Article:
The defining geographical feature of Istanbul is its position astride the Bosphorus, a slender waterway which connects the Black Sea with the Sea of Marmara and, in doing so, separates the continents of Europe and Asia. If you spend any time along its coast around Galata bridge the constant calls of Bosfor Bosfor Bosfor from the tour barkers will become etched in your memory. These shots were all taken from Galata Tower, which overlooks the point where Golden Horn meets the Bosphorus.
What makes a work of art great? I feel explaining the merits of a masterpiece is anticlimactic, like explaining a joke. I’ve found that my response to any art I’ve enjoyed is an ‘aha’ feeling, an emotional resonance. If the resonance is there, all else is merely commentary. It is always easy, however, to find and list faults of imperfect and flawed works. As I’ve mentioned before, all these recent shots from Turkey are several years old. I can’t help but pick them apart now with my more experienced eye; this implies that I could do better now, which is a dubious proposition.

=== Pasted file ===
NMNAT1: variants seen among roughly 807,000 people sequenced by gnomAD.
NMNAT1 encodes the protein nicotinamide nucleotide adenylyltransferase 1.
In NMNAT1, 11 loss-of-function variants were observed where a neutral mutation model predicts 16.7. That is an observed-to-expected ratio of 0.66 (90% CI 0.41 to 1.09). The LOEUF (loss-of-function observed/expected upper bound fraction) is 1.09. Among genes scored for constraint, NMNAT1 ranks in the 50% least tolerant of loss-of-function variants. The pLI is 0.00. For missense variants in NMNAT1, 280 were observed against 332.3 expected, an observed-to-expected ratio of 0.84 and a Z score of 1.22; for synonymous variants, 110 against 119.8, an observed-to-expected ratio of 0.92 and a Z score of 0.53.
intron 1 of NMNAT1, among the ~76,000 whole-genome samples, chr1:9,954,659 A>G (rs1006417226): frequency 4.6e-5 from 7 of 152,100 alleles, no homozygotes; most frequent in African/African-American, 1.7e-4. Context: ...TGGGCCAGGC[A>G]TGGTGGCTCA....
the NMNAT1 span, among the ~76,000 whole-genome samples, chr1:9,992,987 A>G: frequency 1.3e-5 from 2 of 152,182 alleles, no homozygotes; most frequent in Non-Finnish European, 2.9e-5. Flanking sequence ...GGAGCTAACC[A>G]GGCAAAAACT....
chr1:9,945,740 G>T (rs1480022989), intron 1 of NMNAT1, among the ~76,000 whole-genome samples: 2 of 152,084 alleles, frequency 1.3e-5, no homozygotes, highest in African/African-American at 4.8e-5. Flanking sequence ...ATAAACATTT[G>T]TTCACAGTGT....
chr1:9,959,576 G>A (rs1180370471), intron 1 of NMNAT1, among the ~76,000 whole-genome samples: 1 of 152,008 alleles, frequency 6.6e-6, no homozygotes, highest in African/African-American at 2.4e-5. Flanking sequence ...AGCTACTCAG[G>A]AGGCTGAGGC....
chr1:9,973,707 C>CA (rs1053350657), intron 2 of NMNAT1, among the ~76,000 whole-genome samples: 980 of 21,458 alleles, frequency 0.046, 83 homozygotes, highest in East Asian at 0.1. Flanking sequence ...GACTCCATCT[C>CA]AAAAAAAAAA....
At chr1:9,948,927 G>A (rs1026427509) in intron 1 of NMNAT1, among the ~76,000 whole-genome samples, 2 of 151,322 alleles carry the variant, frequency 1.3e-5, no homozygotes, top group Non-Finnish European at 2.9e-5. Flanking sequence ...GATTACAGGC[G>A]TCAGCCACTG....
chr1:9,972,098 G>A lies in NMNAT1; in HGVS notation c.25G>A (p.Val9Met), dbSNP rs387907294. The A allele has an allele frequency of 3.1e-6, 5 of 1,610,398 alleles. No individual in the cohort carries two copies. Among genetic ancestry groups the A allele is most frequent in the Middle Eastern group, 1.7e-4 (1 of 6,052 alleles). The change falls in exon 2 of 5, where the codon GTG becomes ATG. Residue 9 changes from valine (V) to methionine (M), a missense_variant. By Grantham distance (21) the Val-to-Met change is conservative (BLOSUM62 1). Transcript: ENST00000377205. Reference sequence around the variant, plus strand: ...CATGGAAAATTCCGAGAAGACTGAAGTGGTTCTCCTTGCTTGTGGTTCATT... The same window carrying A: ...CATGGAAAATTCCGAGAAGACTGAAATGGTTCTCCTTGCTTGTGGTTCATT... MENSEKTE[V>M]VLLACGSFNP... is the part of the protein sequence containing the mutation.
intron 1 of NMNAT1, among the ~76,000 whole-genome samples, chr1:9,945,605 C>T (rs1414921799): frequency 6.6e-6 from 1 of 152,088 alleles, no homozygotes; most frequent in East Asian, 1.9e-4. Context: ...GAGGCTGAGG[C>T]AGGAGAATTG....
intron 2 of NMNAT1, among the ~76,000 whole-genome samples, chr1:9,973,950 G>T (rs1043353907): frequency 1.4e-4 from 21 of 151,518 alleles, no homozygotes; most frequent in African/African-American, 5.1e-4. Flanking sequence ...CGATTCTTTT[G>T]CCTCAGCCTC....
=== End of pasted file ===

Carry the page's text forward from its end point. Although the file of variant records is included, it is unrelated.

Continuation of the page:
I’m not entirely unhappy with the lot of my Istanbul pictures. That said, they needed more editing than I’d care to admit; after you’ve cropped, adjusted contrast, and endlessly fiddled with the color, you’re left wondering if you’re just polishing a turd. As always, the final judgement lies with the reader.
One of the most remarkable sights of Istanbul are the fisherman lining the bridge, shoulder to shoulder, at all times of day and night. I only wish I had had a tripod when I was there, I think there would have been some great night shots to be had. Always an excuse to go back…